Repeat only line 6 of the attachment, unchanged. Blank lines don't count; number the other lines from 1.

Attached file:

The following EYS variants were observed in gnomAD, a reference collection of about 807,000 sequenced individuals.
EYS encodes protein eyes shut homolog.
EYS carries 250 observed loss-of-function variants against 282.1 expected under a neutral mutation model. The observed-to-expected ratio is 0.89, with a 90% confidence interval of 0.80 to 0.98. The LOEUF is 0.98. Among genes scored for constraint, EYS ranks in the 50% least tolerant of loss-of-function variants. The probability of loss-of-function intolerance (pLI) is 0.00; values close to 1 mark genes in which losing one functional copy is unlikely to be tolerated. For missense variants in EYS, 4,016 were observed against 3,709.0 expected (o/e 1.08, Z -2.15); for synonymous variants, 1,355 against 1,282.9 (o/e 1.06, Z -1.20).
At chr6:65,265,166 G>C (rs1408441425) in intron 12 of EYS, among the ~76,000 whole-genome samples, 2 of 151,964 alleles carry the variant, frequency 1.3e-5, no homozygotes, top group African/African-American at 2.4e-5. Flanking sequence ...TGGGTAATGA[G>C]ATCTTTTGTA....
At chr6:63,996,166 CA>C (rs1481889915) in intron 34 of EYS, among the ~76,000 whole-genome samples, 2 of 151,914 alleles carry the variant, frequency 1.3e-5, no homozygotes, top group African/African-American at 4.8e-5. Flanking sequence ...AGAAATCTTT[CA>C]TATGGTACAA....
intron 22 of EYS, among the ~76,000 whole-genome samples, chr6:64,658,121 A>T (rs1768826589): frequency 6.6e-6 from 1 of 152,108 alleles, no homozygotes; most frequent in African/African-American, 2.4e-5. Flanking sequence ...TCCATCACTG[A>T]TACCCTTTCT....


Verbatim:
intron 22 of EYS, among the ~76,000 whole-genome samples, chr6:64,658,121 A>T (rs1768826589): frequency 6.6e-6 from 1 of 152,108 alleles, no homozygotes; most frequent in African/African-American, 2.4e-5. Flanking sequence ...TCCATCACTG[A>T]TACCCTTTCT....